The Food Coach

Healthy Food Database - Leeks

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The leek is a member of the same family as garlic and onion. It is the symbol of the Welsh. Leeks are sweet tasting and delicious in soups. Leeks are long and straight, made up of layers of leaves white at the base, ranging to dark green at the ends. Leeks contain kaempferol an antioxidant which helps reduce the risk of cancer and premature aging. The green tops of leeks are also a great source of antioxidants specifically good to help reduce the risk of age related macular degeneration and cataracts.
Category: Vegetable
In Season:
To Buy: Buy small to medium sized leeks that are crisp and fresh in colour. Avoid them if they have dry, discoloured tops.
To Store: Store in a plastic bag in the crisper section of the fridge for up to 5 days.
Tips & Tricks: Wash leeks very thoroughly - to wash remove the dark green leaves. Slice down the length of the leek (don't cut all the way through). Place the cut end under cold running water, fanning out the leaves and ensuring all the grit is removed.

Nutrition (1 Unit):

Weight (grams): 83
Carbohydrates, g: 3.4
Fat (g): 0.3
Monosaturated Fat , g: 0.0
Folic Acid: Important during pregnancy as this vitamin is involved in the duplication of chromosomes, preventing birth defects. Lowers the risk of heart disease and is necessary for proper brain and gut function.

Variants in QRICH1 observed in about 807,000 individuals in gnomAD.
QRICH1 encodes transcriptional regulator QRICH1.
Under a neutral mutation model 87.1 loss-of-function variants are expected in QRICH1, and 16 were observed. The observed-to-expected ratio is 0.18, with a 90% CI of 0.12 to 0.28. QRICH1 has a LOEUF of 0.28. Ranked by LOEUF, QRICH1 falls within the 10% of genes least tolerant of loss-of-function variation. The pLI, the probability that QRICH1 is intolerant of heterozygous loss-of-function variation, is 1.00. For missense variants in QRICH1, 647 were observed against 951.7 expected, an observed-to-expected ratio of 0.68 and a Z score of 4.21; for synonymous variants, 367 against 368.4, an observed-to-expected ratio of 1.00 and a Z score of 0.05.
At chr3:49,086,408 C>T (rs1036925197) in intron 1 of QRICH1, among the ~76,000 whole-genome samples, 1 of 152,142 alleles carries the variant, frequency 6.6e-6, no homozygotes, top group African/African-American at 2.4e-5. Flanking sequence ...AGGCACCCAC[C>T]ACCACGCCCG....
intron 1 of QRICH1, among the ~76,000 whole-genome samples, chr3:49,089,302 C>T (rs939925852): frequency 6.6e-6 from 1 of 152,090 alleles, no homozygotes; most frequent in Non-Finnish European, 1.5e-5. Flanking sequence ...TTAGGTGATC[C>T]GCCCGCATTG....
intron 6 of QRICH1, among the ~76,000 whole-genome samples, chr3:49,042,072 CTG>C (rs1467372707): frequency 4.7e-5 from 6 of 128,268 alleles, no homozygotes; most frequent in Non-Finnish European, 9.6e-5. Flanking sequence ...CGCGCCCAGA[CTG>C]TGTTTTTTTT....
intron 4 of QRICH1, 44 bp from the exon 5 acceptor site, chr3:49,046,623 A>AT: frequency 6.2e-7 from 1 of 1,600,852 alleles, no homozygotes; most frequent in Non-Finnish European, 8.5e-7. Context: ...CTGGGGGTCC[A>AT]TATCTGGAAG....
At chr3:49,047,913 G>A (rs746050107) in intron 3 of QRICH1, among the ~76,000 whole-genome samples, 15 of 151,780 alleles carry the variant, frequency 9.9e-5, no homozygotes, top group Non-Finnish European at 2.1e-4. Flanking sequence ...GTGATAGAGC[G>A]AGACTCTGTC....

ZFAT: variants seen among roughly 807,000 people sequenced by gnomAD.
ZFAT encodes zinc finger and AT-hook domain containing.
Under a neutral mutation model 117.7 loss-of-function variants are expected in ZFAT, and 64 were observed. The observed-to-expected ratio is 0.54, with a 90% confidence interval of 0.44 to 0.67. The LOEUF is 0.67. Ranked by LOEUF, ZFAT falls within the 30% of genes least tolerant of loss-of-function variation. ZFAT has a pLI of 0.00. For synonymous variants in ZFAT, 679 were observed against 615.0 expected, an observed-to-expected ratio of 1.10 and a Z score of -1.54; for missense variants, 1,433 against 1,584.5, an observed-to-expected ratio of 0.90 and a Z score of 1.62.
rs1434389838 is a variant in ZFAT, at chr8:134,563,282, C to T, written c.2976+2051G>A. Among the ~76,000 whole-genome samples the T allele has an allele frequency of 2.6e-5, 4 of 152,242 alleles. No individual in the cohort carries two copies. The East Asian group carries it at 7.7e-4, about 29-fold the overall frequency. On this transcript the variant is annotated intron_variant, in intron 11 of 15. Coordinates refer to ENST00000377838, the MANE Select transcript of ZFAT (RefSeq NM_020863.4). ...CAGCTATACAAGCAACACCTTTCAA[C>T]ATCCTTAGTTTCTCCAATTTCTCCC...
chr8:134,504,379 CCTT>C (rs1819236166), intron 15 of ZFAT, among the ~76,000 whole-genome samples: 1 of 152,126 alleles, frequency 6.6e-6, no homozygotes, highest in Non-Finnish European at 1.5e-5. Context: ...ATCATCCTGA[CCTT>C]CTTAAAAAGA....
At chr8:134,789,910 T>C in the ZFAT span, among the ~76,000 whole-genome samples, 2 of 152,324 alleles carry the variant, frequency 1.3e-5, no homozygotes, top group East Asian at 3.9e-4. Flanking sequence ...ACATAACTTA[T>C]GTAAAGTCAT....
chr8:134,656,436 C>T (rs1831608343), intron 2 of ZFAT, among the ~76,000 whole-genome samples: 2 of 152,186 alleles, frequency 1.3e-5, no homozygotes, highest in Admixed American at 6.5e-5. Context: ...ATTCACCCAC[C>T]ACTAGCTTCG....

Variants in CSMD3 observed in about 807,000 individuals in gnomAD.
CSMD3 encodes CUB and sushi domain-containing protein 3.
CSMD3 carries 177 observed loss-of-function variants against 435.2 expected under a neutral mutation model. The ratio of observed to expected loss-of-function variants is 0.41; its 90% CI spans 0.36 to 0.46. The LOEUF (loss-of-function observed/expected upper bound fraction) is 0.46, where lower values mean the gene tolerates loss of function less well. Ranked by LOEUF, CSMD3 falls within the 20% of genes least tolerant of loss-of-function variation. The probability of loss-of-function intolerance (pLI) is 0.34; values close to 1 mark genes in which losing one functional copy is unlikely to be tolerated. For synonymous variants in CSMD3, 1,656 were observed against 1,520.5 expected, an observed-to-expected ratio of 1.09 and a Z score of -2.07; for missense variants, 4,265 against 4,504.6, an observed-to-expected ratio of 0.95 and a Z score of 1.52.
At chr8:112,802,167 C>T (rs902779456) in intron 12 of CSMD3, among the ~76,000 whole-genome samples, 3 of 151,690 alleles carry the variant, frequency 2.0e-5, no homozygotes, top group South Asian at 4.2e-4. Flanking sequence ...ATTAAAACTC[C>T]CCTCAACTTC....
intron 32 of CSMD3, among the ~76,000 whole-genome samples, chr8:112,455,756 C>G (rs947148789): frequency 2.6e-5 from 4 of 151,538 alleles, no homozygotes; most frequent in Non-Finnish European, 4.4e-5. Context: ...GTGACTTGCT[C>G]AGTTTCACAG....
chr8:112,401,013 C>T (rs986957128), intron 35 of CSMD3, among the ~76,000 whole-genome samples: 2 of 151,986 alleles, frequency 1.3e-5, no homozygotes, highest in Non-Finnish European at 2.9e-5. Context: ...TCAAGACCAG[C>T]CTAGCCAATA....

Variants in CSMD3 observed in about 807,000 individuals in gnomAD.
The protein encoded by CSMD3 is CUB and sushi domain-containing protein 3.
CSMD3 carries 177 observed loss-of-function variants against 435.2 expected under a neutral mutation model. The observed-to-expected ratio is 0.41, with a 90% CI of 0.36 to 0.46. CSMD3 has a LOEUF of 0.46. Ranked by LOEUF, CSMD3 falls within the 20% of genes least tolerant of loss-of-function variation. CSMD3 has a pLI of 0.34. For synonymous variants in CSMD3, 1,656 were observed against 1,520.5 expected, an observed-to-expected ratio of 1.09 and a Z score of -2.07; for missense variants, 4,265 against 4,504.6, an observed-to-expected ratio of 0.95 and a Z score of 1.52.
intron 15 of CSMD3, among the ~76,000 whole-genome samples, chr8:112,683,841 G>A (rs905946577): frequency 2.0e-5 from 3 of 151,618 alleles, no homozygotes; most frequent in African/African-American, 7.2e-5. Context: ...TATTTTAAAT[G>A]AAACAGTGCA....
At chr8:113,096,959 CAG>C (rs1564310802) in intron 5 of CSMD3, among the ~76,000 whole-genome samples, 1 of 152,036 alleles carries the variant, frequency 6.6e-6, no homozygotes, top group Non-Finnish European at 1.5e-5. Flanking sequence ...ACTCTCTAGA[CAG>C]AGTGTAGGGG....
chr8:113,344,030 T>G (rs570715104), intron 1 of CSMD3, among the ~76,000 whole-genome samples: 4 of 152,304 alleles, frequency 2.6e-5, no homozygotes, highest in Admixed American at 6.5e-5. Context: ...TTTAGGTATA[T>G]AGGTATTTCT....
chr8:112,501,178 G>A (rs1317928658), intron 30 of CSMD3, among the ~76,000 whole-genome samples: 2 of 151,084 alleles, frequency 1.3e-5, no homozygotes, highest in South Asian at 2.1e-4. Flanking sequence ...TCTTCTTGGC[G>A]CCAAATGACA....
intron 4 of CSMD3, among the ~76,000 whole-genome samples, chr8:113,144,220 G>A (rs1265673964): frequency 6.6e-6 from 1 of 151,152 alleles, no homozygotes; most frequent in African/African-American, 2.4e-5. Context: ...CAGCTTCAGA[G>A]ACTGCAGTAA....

Amines: Amines come the breakdown or fermentation of proteins. High amounts are found in cheese, chocolate, wine, beer and yeast extracts. Smaller amounts are present in some fruits and vegetables such as tomatoes, avocados, bananas.

For those with sensitivities, low foods are almost never a problem, moderate and high foods may cause reactions, depending on how sensitive you are and how much is eaten. Very high foods will most often cause unwanted symptoms in sensitive individuals. Low
Glutamates: Glutamate is found naturally in many foods, as part of protein. It enhances the flavour of food, which is why foods rich in natural glutamates such as tomatoes, mushrooms and cheeses are commonly used in meals. Pure monosodium glutamate (MSG) is used as an additive to artificially flavour many processed foods, and should be avoided, especially in sensitive individuals as it can cause serious adverse reactions. n/a
Energy (kJ): 118
Protein (g): 1.7
Saturated Fat, g : 0.0
Vitamin C: Antioxidant, anti inflammatory and immune-boosting, this vitamin has a range of uses. Is essential for collagen formation, therefore plays a role in wound healing. Fights infection and protects against free radical damage. Vitamin C helps maintain normal cholesterol levels, promotes the absorption of iron and counters the effects of stress as it is concentrated in the adrenal glands.

Contraindications:
Large doses can cause diaorrhea or gas.
Potassium: Needed for normal growth and muscle and nerve contraction. Together with sodium regulates water and fluid balance in the body.
Salicylates: Naturally occurring plant chemicals found in several fruits, vegetables, nuts, herbs and spices, jams, honey, yeast extracts, tea and coffee, juices, beer and wines. Also present in flavourings, perfumes, scented toiletries and some medications.

For those with sensitivities, low foods are almost never a problem, moderate and high foods may cause reactions, depending on how sensitive you are and how much is eaten. Very high foods will most often cause unwanted symptoms in sensitive individuals. Very low

Cooking:

Cooking Tips: Slice thinly and saute in olive oil until they almost caramelise. Serve on home made pizza with goats cheese and olives.

Benefits the Following Health Conditions:*

Cold and Flus

* This information is sourced by a qualified naturopath. It is non prescriptive and not intended as a cure for the condition. Recommended intake is not provided. It is no substitute for the advice and treatment of a professional practitioner.

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